AWS plans to build and deploy an internal suite of web applications to deepen its relationship with enterprises and fend off cloud competitors, especially Microsoft.
The application suite will emanate from AWS' business development team for its internal employees' use. Details have emerged via recent AWS job postings for full-stack software development engineers. Business development is a term often used interchangeably with sales, but typically it combines sales, marketing and customer support practices to generate opportunities for growth. Amazon seeks to understand how it can add value for AWS enterprise customers from a business perspective, outside of additional services or enhanced features for existing ones.
"The AWS BD [business development] team has manually tested and proven a handful of these business recommendations, and now we're ready to build a suite of web tools that can scale these recommendations to customers and internal AWS employees around the globe," the postings stated. "Our goal is to build a suite of applications that empower employees to cultivate a deeper relationship with customers, turning Amazon into a strategic business partner, in addition to being a world-class cloud computing provider."
Public plans are still somewhat vague, and it's unclear how far along AWS is with this strategy. It did not respond to request for comment.
The company launched a phalanx of new services at its recent AWS re:Invent conference, as it has done in past years, and it showcased many large AWS enterprise customers. Despite its sizable market share lead in the cloud, though, AWS can't yet boast the same number of long-standing relationships in large enterprise IT shops as rivals Microsoft and IBM. The new app suite is an effort to foster such ties broadly across its customer base, particularly in the C-suite.
"Microsoft and IBM can have deep conversations with their customers just because of how long they have worked together," said Deepak Mohan, an analyst at IDC.
AWS already has some applications and tools for customers to track cloud spending and to model how an on-premises workload might look when pushed into the AWS enterprise cloud. However, the effort described in these job postings appears to surpass these measures with a more consultative aim.
What can this app suite do for AWS enterprise customers?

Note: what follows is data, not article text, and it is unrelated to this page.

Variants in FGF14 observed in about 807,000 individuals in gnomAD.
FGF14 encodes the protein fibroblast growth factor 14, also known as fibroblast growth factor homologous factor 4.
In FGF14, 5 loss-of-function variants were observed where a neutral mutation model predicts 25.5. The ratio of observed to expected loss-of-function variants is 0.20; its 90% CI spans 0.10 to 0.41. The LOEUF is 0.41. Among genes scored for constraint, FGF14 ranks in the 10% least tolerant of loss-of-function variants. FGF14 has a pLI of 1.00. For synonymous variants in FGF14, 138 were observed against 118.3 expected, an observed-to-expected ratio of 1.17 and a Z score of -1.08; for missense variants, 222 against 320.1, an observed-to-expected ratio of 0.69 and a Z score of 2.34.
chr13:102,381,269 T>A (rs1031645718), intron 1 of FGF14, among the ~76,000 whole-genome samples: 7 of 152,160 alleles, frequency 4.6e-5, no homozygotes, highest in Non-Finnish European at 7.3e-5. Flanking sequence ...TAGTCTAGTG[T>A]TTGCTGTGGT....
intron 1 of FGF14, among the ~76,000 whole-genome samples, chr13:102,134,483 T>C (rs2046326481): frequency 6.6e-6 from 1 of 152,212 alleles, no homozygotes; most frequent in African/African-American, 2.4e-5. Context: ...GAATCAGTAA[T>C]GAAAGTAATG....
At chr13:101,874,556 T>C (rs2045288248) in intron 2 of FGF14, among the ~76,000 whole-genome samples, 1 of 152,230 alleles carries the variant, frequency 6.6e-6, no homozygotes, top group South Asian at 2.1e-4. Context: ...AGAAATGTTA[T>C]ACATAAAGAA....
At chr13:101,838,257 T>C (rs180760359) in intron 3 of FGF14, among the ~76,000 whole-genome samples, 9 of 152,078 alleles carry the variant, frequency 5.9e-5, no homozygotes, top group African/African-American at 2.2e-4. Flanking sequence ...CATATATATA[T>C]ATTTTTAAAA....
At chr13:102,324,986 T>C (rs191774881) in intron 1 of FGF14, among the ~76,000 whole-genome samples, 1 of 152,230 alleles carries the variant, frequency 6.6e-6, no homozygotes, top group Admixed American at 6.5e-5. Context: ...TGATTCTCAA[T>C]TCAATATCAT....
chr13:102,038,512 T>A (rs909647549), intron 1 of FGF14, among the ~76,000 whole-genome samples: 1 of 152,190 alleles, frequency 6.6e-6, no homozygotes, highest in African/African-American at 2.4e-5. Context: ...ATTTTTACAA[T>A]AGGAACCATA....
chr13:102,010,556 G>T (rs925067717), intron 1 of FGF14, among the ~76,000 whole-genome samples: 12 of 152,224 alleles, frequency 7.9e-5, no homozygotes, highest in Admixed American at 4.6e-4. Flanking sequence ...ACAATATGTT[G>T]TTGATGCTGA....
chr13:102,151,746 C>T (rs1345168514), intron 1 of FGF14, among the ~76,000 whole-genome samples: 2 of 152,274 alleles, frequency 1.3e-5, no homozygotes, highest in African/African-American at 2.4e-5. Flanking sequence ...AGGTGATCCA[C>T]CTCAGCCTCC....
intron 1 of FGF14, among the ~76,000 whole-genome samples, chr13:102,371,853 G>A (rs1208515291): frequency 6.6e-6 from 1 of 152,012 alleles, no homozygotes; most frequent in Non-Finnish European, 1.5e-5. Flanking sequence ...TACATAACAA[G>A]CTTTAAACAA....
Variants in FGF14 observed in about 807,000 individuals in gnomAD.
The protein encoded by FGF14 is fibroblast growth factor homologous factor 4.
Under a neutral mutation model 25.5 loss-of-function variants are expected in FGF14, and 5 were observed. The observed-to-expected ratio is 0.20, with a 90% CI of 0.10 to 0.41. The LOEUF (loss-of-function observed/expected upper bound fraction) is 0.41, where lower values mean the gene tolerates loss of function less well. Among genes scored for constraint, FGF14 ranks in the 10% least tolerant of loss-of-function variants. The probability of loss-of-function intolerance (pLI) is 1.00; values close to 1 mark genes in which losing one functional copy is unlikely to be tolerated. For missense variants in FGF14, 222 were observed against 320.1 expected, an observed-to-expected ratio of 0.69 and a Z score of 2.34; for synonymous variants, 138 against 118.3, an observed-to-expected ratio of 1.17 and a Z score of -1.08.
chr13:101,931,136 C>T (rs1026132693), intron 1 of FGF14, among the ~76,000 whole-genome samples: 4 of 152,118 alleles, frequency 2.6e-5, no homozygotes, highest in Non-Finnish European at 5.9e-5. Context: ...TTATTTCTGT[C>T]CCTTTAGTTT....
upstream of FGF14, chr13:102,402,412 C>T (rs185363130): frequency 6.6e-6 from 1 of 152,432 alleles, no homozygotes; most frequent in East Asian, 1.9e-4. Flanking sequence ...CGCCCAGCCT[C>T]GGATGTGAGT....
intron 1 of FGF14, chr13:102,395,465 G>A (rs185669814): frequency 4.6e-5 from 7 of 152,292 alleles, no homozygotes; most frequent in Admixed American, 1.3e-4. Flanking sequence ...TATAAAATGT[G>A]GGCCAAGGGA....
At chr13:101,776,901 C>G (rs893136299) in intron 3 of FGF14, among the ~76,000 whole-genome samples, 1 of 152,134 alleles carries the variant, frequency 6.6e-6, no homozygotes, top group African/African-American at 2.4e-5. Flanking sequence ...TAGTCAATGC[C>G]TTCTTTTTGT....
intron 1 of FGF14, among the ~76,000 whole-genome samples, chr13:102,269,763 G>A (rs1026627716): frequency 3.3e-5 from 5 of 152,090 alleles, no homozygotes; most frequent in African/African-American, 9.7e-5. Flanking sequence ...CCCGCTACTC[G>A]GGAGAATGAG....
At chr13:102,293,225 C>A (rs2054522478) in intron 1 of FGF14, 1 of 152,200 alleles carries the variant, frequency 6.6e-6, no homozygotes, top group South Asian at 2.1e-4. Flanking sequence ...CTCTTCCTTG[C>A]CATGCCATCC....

Companies that are essentially all-in on AWS likely do not view the platform as merely outsourced IT infrastructure, but as a foundation for their business for decades to come.
Deepak Mohananalyst, IDC
This echoes Amazon's broader approach in other lines of business to step into customers' shoes and help them derive value from Amazon services, Mohan said.
"They have done this in many ways on the retail side and in the early days of AWS," he said. "Now, they are extending this to develop next-generation applications for their customers so that the customers can, in turn, improve the experience of their downstream customers."
AWS also wants to foster adoption of cloud-native application architectures for enterprise IT use cases, and these apps will truly take advantage of the flexibility and capabilities of the AWS platform, Mohan said.
Will the AWS application suite help customers understand pricing?
One big question is how much the internal app suite will tackle AWS enterprise customers' concerns over cost management. The company has long been criticized for its complex, even opaque price lists that can lead to nasty surprises for customers when the bill arrives. Despite the presence of AWS' existing tools, a cottage industry of third-party vendors has cropped up around AWS cost management.
AWS also has many partners that help customers plan and migrate workload shifts to the cloud, as well as consulting programs from the likes of Deloitte that focus on big-picture digital transformation strategies, with AWS as a foundation.
It's unclear how far the new internal app suite will encroach on these areas, but it will give customers more AWS-native options -- and surely keep some partners on their toes.